Unfortunately, in March Twitter also updated its policy on “Sensitive Media.” “You may not post media that is excessively gory or share violent or adult content within live video or in profile or header images. Media depicting sexual violence and/or assault is also not permitted.”
By the way, that wasn’t me putting it in bold for effect. That’s all Twitter. Basically, this is their policy that allows horror and other adult oriented content to exist on the platform provided it’s hidden away and comes with a warning. Now, Twitter isn’t actively hunting for content that offends and violates their policies but there are plenty of trolls, competitors, and possibly even clever advertisers who are doing it for them.
If Twitter is joining Instagram, Facebook, Tumblr, YouTube, etc... in their persecution of horror content, is there anywhere safe for creators to share their work?
The short answer is “Yes” but with some serious caveats.
To start with, everywhere you go is going to impose some kind of policy against adult content. And, no, adult content doesn’t just mean sex. Horror is adult content and it gets the same treatment as porn from most platforms. They’ll allow it but you have to release it with the same restrictions that adult entertainers and sex workers have to deal with. Even if it is educational content, say a make-up tutorial, you still have to treat it like violent content because of the end result.
Reddit, by far, has the most liberal policies on horror content but the downside is you have to know how to use it. Reddit is the evolution of the old school message board and it’s a fantastic place to actually connect and work within a community. Unfortunately, this is where you’ve got all the gatekeepers and edgelord trolls that will constantly downvote and attack artistic work. It also takes a bit of getting used to if the only social media you’ve ever used has been something like Twitter or Facebook. It’s more work but it’s also more freedom.
As for videos, we know that YouTube is just as hard on independent creators as the major social media platforms, banning and restricting horror content while allowing for rampant piracy and spam. Vimeo is an option but, unfortunately, you have to pay their monthly fees in order to upload more than a gig or so of video each week. Twitch is an option, though the platform itself is designed primarily for gamers as opposed to filmmakers and web hosts.
There are a number of lesser known platforms to switch to and more popping up every few months. Everyone wants to be the next Facebook and very few have the stamina or competency to compete. And even if they did, how long would it be before a larger competitor bought them out or pressure from outside forces and investors imposed the same Puritanical limitations on artists as everywhere else? We have created our best friend and most dangerous enemy in social media. For the first time, every artist can create unencumbered by the stodgy regulations and guidelines of the old guard. Social media has allowed creators the ability to share with wider audiences than they ever could have dreamed of 20 years ago. But that means playing by a new set of ever changing guidelines established by tech companies that can be bought off by major studios and publishers.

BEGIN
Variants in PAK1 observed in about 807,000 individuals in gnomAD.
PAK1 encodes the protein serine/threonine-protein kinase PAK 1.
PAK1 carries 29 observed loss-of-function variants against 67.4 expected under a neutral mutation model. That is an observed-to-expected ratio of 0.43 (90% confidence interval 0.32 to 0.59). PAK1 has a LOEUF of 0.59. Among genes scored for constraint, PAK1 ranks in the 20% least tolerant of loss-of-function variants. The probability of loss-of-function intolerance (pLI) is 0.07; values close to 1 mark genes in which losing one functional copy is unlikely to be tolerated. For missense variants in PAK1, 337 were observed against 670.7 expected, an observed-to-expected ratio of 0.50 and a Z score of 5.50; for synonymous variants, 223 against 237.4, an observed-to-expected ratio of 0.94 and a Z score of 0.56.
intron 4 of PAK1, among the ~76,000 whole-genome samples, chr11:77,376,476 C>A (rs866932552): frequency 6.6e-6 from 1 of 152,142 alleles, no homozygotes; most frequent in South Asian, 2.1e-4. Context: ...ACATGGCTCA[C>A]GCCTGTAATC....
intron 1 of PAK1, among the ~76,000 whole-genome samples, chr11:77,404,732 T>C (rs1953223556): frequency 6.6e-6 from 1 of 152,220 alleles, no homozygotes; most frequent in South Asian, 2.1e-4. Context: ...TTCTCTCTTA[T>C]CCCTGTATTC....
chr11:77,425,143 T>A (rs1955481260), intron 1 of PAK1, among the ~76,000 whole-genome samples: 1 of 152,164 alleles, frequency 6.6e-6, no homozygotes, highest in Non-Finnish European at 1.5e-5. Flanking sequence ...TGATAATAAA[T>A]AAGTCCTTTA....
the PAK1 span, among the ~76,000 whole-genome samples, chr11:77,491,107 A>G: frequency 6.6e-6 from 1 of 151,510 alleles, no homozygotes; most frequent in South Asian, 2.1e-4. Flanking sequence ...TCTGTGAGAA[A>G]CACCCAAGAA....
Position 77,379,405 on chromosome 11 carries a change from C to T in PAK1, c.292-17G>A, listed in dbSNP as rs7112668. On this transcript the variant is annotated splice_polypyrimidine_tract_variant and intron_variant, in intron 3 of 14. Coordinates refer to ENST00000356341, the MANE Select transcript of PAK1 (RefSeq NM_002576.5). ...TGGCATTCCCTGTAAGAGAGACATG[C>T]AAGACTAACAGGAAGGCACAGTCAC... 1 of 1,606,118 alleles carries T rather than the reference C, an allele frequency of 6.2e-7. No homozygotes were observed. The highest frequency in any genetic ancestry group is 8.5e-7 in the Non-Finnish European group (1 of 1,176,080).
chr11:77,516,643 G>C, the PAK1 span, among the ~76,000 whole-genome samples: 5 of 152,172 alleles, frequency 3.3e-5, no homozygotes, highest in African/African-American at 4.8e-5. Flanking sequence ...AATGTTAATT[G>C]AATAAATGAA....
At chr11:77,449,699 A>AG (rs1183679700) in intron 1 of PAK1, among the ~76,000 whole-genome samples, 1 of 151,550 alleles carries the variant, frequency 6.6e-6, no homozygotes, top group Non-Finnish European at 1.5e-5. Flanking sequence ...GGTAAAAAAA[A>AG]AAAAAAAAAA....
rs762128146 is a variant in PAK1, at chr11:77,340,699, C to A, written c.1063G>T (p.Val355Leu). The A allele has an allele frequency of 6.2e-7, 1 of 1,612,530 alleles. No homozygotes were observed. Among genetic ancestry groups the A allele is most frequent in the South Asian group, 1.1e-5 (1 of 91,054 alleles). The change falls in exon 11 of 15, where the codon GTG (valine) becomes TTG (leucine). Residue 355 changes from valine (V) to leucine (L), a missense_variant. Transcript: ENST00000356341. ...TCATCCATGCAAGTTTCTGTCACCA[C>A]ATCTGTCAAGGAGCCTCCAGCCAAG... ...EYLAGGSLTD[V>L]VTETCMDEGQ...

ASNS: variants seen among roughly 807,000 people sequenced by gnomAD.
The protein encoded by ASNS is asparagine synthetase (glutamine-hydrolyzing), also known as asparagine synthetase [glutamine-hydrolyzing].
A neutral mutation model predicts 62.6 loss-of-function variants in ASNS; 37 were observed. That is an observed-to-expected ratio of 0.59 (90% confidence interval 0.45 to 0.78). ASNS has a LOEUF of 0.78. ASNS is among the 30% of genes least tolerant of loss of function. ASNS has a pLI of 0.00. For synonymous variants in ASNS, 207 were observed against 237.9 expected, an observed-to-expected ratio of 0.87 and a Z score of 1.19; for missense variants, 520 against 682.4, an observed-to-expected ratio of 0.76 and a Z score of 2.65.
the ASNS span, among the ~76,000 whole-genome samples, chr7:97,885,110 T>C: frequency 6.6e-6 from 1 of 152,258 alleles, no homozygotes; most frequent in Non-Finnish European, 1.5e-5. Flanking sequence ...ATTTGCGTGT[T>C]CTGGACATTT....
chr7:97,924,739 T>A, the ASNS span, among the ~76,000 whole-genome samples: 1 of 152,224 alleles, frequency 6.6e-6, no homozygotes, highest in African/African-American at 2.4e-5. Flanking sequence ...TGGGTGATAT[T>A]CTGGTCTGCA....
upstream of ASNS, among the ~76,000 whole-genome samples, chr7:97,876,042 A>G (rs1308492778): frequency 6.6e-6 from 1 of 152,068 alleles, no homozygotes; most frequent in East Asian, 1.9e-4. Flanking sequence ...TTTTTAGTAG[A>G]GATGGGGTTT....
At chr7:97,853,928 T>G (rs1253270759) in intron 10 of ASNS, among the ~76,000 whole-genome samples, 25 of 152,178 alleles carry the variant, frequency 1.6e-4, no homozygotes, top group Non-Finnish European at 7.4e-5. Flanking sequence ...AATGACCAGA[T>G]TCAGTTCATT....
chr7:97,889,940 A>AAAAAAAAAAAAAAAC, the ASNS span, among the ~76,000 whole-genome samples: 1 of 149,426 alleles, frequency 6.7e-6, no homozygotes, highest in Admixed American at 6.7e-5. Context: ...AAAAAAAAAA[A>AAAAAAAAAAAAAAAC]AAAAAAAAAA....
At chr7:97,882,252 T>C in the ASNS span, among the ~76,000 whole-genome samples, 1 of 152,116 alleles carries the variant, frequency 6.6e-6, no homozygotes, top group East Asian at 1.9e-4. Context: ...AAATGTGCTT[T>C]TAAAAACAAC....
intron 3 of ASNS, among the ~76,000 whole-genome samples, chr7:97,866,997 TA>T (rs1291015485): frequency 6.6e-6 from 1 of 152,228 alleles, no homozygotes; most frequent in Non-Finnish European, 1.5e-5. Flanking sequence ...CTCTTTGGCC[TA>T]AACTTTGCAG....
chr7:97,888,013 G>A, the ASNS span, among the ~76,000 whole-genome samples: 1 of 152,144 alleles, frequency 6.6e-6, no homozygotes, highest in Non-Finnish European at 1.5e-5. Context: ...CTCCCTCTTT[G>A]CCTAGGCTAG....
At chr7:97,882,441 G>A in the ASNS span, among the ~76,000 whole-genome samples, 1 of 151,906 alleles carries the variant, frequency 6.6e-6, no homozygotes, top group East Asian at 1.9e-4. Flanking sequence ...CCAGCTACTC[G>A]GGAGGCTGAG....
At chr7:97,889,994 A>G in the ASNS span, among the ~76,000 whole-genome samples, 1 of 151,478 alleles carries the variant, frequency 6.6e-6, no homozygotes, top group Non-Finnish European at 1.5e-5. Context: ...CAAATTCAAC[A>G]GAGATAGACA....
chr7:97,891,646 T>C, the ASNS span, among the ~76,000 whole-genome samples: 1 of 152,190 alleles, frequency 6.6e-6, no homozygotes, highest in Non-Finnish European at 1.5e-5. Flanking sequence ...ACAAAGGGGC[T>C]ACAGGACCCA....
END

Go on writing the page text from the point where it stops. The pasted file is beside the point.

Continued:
Independent creators rarely have large budgets for anything, let alone marketing, which is where promoting themselves and their work on social media has been a godsend. But paid ads, bots, trolls hired by studios, and simple financial pressure put on these platforms by traditional clearinghouses for entertainment and art make it more difficult every day for artists to share their work with an audience unhindered. The rules imposed by social media providers only seem to apply to independents and not the big money players. Even within the horror community, you won’t see players like Fangoria or Blumhouse getting slapped with restrictions the way lesser known names have been.
And that is the crux of the problem.
We could correct so many of these problems if we could get these big name players to join the rest of the community in fighting the continued censorship. Small outlets reporting on the issue, independent artists and filmmakers making noise are important for getting out awareness and trying to start the fire but until the big names start speaking up, no one is going to take this problem seriously.
Meanwhile, the Soskas and their Rabid remake certainly aren't feeling any pain from this temporary suspension from Twitter. Every major and minor horror journalism outlet has written articles and posted a ridiculous amount of social media content since the ban hit earlier this week. There's no such thing as bad publicity. As for the true independents out there, the ones struggling with these bans and suspensions every time they post a new image or release a new video, the battle continues.
Dan is an author, editorialist, podcaster, and horror culture & lifestyle correspondent from the Southeast. You can find Dan on social media @dotdblog and read his stories at Danno of the Dead Blog and through PDI Press.